On that last matter, it has been estimated that the world faces an additional 30 trillion dollars in climate-related damages, depending on whether the globe remains on its present trajectory for 2 degrees Centigrade temperature rise (or worse), or whether actions are taken to keep temperature rises to the 1.5 degree goal agreed in Paris in 2015. Awareness of that level of additional cost deserves to change the public mindset. This awareness should also accelerate disinvestment in the oil corporations and other industries that will be increasingly held liable to cover the huge costs of this damage.
Action to tackle climate change also faces trenchant opposition from people who are ideologically opposed to any mechanisms for international collaboration, or to any intervention by the state to constrain the excesses of powerful corporations. These critics fear that such interventions or collaborations will inevitably be hugely heavy-handed, and will destroy innovation. However, a fuller review of history shows that such a fear is misplaced. On the contrary, if large corporations gain too much power, the needs of humanity as a whole would take a dismal second place.
This is a case where avoiding intervention would be deeply irresponsible. Positive, lean intervention is both possible and desirable.
In order to obtain and maintain carbon neutrality, it will be important to keep an open mind about solutions worth exploring, and to be ready to transcend prior doctrinaire ideological positions.
Subject to careful review, vital roles could be played by innovations in nuclear fission and/or nuclear fusion, by negative emissions technologies (carbon capture and storage), and by geoengineering initiatives.
If judged appropriate to proceed, these solutions will need political and financial support in order to progress sufficiently quickly.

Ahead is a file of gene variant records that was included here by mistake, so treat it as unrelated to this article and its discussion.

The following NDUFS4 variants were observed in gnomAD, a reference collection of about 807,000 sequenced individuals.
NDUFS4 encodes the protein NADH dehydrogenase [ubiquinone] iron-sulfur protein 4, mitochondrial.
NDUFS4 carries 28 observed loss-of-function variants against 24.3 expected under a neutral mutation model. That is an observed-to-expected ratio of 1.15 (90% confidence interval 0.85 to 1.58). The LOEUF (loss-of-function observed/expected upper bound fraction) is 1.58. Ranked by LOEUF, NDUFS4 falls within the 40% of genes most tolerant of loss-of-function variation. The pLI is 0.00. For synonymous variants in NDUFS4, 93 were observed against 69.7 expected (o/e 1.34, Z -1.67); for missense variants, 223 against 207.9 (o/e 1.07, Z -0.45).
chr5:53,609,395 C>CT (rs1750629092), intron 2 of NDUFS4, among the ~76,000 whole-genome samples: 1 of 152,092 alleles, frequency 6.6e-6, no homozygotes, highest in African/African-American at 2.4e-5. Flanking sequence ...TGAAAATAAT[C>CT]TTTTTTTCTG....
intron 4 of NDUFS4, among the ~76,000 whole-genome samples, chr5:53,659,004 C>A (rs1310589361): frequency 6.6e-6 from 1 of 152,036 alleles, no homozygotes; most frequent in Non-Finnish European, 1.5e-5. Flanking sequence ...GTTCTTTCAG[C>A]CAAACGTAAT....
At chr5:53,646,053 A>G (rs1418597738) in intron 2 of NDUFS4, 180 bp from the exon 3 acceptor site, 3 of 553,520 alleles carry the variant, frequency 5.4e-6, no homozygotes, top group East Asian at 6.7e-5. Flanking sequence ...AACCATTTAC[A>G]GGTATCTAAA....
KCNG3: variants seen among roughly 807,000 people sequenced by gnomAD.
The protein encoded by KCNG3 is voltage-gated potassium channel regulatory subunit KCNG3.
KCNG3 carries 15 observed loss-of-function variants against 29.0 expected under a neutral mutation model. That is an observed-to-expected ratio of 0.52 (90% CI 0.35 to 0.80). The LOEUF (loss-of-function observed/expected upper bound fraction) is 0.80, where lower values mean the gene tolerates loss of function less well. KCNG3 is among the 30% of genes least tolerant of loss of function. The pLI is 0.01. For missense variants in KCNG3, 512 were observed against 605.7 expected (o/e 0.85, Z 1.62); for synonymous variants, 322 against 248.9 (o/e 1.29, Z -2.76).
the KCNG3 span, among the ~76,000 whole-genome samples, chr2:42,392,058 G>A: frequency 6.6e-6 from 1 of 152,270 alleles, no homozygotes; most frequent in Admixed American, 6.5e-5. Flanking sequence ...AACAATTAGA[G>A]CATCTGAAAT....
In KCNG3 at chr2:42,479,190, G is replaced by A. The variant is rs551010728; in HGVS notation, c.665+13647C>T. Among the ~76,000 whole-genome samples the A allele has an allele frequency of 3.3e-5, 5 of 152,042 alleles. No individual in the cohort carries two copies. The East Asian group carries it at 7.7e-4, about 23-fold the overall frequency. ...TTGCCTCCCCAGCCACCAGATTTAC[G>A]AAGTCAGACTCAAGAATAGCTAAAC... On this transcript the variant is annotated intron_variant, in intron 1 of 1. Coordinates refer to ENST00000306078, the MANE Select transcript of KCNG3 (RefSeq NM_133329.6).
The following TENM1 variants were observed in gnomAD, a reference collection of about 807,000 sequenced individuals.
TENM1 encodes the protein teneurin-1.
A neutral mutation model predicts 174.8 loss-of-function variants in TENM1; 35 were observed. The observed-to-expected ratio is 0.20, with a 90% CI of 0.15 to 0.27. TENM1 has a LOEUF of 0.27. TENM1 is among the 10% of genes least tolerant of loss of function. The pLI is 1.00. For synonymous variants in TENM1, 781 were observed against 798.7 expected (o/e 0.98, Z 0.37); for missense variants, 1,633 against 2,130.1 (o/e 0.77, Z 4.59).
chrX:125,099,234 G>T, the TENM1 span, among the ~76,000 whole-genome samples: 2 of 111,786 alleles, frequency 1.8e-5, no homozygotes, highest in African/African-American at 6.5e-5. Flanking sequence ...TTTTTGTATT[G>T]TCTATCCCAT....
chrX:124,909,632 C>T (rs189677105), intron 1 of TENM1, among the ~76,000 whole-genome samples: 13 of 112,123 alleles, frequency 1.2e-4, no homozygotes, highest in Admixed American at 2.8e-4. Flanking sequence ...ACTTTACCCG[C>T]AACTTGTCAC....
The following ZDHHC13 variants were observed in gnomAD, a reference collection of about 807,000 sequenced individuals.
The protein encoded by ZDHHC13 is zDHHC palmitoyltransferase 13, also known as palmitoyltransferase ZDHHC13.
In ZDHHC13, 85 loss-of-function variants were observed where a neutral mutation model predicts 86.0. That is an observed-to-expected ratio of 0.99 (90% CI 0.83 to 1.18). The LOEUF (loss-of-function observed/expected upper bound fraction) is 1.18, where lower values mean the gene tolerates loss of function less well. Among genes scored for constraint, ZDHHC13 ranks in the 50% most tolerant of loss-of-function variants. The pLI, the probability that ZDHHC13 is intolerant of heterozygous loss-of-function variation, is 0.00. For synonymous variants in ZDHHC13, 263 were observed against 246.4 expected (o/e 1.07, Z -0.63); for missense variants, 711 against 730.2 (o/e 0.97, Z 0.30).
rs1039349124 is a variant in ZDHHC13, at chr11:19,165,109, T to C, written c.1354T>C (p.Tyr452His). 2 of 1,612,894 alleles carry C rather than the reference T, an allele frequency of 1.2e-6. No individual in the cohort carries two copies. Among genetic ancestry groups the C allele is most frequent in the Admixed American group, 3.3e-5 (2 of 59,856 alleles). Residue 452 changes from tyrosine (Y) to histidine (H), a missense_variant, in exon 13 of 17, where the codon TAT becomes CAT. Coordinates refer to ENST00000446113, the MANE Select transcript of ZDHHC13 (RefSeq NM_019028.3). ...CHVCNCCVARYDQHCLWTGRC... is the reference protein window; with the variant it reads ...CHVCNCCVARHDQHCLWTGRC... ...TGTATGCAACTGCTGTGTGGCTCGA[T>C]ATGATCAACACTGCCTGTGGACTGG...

To accelerate progress with Goal 9, two targets for 2025 are proposed (both targets overlap with the corresponding interim targets for Goal 4, that is, the abolition of homelessness and no involuntary hunger):
- Agreement on a replacement for the GDP index as the guiding light for evaluating the success of the economy. The focus in this case is ensuring that the replacement for the GDP fully incorporates factors known as “externalities”, that is the impacts of economic activities which are presently excluded from valuations. Externalities can be positive as well as negative. Chief among negative externalities are adverse impacts on the environment.
- Establish a reliable, respected source of information about the true environmental benefits and risks of different types of human actions. Existing highly contentious arguments about climate change scenarios should have the raw emotion and panic removed from them, so we can all see more clearly what are the real risks and real opportunities. In view of the passion that is manifest on all sides of the debate on climate change, and the deep suspicions about subterfuge, bad faith, and hidden motivations, this target will be challenging to achieve – which makes it all the more necessary.
Climate change is only one of a number of very serious risks threatening the ability of the earth to continue to provide a positive environment for human activity. The next chapter looks more generally at the prospects of breaching “planetary boundaries”.
For more information
- Chapter 5, “Towards abundant energy”, of the 2019 book by David Wood, Sustainable Superabundance
- The edX MOOC from the University of Queensland, Making Sense of Climate Science Denial
- The 2019 book by David Wallace-Wells, The Uninhabitable Earth: Life After Warming
- The 2019 book by Rachel Maddow, Blowout: Corrupted Democracy, Rogue State Russia, and the Richest, Most Destructive Industry on Earth
- The 2018 book by Varun Sivaram, Taming the Sun: Innovations to Harness Solar Energy and Power the Planet
- The 2017 book by Peter Brannen, The Ends of the World: Supervolcanoes, Lethal Oceans, and the Search for Past Apocalypses
- The 2014 book by Ramez Naam, The Infinite Resource: The Power of Ideas on a Finite Planet
- The 2014 book by Naomi Klein, This Changes Everything: Capitalism vs. The Climate
- The 2010 book by Naomi Oreskes, Merchants of Doubt: How a Handful of Scientists Obscured the Truth on Issues from Tobacco Smoke to Global Warming